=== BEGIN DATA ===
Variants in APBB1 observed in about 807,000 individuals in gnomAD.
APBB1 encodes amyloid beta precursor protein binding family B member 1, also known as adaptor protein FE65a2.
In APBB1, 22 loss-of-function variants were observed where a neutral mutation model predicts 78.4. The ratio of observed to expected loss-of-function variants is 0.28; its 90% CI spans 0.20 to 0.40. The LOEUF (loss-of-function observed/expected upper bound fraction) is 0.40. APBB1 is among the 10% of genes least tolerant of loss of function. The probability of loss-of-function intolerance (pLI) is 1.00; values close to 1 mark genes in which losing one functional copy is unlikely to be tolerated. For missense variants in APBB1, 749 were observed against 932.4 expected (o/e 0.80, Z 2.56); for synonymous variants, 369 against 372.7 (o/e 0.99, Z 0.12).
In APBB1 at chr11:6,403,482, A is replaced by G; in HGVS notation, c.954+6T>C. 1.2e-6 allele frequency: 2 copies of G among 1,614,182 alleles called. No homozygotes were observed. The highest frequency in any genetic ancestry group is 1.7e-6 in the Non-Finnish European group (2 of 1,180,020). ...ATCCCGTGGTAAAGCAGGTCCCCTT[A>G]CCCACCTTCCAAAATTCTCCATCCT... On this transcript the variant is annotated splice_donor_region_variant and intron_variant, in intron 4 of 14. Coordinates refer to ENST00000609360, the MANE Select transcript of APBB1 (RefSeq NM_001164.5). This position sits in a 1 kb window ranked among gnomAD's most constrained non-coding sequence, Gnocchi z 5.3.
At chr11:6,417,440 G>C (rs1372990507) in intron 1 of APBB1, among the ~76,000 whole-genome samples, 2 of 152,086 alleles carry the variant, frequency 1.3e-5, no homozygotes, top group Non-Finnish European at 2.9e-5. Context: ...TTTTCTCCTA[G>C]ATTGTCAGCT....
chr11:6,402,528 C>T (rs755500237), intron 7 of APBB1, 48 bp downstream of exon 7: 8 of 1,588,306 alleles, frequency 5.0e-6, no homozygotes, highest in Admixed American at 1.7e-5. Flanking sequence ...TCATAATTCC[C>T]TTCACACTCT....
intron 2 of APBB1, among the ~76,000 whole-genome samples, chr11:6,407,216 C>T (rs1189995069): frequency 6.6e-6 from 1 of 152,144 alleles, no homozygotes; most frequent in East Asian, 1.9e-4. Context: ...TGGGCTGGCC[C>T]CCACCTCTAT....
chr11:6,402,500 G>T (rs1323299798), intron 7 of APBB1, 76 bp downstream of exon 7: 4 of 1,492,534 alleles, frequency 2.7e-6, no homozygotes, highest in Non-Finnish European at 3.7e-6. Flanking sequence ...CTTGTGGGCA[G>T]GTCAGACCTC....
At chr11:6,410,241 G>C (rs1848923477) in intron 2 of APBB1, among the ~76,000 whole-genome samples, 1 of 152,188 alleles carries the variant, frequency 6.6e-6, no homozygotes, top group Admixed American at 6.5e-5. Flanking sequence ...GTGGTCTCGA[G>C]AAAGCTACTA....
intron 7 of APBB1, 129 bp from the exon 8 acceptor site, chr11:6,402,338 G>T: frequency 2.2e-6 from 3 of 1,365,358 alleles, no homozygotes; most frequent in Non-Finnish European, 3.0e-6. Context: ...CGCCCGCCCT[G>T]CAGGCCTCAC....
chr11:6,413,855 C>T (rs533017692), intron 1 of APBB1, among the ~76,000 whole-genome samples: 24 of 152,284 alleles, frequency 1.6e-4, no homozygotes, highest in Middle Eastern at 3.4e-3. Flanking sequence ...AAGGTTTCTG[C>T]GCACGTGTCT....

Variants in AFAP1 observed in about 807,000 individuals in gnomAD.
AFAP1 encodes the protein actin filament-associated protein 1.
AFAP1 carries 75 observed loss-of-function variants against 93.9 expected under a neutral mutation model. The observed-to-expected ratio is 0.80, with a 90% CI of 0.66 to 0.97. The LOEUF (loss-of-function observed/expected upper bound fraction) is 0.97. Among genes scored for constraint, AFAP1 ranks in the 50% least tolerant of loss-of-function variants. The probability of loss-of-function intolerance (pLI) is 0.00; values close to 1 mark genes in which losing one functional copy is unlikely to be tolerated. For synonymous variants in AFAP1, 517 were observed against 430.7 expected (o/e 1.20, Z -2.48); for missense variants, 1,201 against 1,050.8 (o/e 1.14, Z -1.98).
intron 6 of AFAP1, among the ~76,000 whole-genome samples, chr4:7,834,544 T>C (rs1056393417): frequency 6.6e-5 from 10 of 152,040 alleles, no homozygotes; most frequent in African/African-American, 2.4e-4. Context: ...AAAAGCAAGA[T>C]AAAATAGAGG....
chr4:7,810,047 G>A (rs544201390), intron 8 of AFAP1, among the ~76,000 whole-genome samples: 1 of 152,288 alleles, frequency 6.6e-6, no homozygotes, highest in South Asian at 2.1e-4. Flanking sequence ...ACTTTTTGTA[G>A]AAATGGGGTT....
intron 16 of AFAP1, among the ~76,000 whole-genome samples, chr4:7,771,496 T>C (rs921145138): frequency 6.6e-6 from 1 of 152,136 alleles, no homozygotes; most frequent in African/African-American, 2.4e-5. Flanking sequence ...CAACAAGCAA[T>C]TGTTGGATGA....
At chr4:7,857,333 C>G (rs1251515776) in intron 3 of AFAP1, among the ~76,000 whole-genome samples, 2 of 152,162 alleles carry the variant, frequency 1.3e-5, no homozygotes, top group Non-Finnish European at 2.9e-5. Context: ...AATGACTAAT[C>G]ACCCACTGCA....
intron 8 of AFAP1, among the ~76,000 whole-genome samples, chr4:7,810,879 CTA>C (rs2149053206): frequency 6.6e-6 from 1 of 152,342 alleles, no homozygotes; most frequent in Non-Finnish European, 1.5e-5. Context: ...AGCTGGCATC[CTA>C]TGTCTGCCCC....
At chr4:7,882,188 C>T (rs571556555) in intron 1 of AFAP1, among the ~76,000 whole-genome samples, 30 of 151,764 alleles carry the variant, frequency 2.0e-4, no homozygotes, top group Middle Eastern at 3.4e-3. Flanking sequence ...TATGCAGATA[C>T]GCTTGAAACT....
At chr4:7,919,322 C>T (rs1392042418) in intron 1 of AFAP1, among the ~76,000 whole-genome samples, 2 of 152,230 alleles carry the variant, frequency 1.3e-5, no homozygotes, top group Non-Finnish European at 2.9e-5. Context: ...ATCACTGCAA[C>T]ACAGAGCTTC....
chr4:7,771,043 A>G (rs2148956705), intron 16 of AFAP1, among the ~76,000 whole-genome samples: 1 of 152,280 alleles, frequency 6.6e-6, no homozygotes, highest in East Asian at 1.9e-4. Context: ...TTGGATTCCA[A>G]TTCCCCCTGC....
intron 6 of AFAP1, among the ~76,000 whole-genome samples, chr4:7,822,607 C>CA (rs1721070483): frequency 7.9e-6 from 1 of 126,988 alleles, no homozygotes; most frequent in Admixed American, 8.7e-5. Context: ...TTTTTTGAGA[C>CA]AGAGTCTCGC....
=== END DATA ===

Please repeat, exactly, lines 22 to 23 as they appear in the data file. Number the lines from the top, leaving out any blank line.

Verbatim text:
chr4:7,771,043 A>G (rs2148956705), intron 16 of AFAP1, among the ~76,000 whole-genome samples: 1 of 152,280 alleles, frequency 6.6e-6, no homozygotes, highest in East Asian at 1.9e-4. Context: ...TTGGATTCCA[A>G]TTCCCCCTGC....
intron 6 of AFAP1, among the ~76,000 whole-genome samples, chr4:7,822,607 C>CA (rs1721070483): frequency 7.9e-6 from 1 of 126,988 alleles, no homozygotes; most frequent in Admixed American, 8.7e-5. Context: ...TTTTTTGAGA[C>CA]AGAGTCTCGC....